One designer who finds the streets of a city essential to her output is Molly Goddard. She references the stalls of Portobello market or Japanese street style in her designs. ‘Usually I go to the library, pull research from everywhere, go to markets,’ said Goddard. For A/W 2021, she embraced a more concise development process from home, pulling from her own archive research folders and oft-referenced books including Tina Barney’s Europeans, David Douglas Duncan’s Goodbye Picasso and Terence Conran books featuring stylish people in wonderfully designed spaces. Her collection had an exuberance, optimism and ease, that celebrated British fabrics and mix-and-match thrift store eccentricity, featuring her signature mille-feuille tulle dresses, Pink herringbone tweed mini skirt suits, tartan kilts and Fair Isle sweaters, and also revived its recently launched menswear.
Optimism was also essential to Milan-and-London-based label Colville, which since its inception has embraced an effusive melting pot of references, and created covetable, well considered clothing that evolves each season. For A/W 2021, founders Molly Molloy and Lucinda Chambers created fluid silk dresses in vibrantly marbled and Arts and Crafts prints, sleeping bag coats, graphic floral shirting and chunky costume jewellery. ‘We start from a position of what we love and put on,’ Chambers explained. ‘No one needs another black handbag.’
Colville’s collection also tapped the 2021 fashion trend for a wardrobe we’ll want to revel in when the world emerges from lockdown. This is a mindset adopted by the doyen of dramatic dressing Michael Halpern, who created a glamorous collection suited to how many see themselves emerging on 21 June, when the UK is purported to be loosening all of its Covid-19 restrictions. The designer’s signature 1970s flares and mini dresses shimmered with sequins and bodysuits were swathed in leopard print. On the Fashion East catwalk, Nensi Dojaka also embraced an exuberant mindset, bringing, for the first time, flecks of fuschia to her underwear-inspired, and body-celebrating designs.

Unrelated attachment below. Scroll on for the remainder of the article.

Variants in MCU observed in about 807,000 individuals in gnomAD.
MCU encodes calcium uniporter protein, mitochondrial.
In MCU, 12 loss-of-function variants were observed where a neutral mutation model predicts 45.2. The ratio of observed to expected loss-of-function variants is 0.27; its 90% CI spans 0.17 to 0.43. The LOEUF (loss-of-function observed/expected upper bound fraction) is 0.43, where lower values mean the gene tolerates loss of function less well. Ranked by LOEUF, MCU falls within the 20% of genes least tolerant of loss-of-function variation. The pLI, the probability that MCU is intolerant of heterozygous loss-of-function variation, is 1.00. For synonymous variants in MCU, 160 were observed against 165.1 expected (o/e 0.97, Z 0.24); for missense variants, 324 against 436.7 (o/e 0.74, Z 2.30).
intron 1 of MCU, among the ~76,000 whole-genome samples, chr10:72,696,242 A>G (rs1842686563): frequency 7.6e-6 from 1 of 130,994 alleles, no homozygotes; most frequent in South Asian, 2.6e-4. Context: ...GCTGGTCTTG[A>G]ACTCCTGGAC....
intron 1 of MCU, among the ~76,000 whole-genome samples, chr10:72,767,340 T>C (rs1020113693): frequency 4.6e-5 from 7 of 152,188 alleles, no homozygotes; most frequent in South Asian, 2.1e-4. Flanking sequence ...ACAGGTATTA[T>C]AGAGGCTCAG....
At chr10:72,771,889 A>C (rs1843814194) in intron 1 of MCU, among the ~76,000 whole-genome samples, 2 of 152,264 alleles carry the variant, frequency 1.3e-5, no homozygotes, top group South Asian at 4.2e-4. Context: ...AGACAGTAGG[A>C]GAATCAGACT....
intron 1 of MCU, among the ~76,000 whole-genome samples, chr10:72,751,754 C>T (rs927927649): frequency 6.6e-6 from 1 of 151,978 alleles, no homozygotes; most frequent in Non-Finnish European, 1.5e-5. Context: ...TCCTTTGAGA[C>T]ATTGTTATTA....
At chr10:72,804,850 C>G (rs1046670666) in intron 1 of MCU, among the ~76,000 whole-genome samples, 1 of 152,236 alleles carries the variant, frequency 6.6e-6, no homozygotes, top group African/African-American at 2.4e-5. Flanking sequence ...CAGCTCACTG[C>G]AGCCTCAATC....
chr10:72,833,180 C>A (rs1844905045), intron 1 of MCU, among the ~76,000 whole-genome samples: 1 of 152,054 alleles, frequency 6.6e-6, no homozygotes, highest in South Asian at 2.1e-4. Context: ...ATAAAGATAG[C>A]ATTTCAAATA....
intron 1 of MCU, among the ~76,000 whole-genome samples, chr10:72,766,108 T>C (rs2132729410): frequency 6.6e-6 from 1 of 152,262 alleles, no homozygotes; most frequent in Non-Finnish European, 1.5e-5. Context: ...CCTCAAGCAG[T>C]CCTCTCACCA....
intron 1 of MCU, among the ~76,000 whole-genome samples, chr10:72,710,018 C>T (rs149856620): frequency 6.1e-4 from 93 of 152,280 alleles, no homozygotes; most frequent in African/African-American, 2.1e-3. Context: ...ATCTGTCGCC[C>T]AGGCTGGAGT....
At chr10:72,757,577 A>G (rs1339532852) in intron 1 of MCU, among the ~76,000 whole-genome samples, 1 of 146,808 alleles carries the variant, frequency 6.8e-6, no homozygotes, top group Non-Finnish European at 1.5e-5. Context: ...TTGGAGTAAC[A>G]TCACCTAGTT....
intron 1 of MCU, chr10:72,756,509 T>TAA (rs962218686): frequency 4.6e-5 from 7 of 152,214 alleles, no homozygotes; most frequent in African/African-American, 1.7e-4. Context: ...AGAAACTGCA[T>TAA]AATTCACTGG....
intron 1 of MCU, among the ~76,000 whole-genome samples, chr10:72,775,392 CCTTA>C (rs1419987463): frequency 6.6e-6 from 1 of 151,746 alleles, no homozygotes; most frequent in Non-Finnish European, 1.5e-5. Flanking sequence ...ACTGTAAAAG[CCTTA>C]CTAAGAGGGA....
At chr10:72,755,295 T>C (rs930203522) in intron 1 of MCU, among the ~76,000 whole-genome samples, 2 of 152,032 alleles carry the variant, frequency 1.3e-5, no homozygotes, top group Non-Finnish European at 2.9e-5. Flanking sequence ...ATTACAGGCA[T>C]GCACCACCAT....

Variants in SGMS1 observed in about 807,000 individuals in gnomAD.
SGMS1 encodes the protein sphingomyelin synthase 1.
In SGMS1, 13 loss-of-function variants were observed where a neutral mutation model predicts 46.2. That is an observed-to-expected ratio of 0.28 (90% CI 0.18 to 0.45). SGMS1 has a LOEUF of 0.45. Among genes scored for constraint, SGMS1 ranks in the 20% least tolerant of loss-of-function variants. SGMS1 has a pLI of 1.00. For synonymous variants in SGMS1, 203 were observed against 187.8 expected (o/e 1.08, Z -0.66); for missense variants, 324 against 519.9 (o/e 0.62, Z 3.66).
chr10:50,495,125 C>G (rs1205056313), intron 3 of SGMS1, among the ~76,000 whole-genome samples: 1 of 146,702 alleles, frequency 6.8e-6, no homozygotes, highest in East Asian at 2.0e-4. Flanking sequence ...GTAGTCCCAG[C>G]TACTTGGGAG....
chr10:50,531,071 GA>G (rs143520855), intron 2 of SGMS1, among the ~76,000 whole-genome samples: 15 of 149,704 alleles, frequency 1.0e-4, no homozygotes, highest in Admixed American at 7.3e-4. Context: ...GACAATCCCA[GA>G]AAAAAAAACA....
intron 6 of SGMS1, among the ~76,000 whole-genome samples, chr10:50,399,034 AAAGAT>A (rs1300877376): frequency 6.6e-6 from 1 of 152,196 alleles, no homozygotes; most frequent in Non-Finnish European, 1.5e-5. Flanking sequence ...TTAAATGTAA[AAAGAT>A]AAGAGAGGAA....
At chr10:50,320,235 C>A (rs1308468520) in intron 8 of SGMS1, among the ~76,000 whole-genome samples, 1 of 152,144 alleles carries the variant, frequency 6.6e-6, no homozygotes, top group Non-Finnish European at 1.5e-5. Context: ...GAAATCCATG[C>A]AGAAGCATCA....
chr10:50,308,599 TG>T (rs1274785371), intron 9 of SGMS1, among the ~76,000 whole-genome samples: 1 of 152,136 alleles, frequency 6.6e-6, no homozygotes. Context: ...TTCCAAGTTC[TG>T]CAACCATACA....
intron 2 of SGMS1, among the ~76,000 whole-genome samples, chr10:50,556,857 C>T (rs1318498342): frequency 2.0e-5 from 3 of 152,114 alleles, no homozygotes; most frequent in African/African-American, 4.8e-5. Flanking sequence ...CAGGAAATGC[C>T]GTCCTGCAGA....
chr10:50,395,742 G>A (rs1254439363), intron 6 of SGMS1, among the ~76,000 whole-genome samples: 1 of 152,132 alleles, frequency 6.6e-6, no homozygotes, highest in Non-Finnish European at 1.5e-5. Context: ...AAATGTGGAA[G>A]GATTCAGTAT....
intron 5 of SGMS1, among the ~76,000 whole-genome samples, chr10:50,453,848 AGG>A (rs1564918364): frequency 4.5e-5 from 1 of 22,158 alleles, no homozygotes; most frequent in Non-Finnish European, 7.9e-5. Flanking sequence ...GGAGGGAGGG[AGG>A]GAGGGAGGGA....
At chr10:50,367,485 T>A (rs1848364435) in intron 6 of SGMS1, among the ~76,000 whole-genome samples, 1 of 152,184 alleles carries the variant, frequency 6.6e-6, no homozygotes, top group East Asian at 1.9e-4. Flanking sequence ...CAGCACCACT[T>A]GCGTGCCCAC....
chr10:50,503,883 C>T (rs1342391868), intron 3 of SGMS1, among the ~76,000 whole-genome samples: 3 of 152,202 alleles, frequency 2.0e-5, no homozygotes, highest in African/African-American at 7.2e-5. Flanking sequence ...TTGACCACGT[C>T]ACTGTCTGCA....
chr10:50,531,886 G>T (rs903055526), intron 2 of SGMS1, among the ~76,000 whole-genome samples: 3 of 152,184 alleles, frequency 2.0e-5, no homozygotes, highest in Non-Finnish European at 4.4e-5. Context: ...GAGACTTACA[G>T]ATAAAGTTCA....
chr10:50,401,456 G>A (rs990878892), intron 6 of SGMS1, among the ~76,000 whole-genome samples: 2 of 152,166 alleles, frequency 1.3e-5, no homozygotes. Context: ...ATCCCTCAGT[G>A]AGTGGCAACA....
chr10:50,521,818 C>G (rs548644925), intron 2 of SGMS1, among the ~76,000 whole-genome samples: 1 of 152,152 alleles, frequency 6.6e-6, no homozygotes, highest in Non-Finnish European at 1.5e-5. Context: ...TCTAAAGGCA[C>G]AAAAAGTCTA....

Erdem Moralioglu also posited on our post-pandemic wardrobes, with a collection that fluctuated between lounge and formal wear. In a balletic show video, the designer paired 1950s pleated skirts, round-shoulder jackets and bejewelled shirting with grey ribbed garments like leggings, sleeveless gloves and cardigans and silk pyjamas. There was a soft protectiveness to fabrics, like flows of feather trim and mohair knitwear, and models carried soft blankets instead of handbags.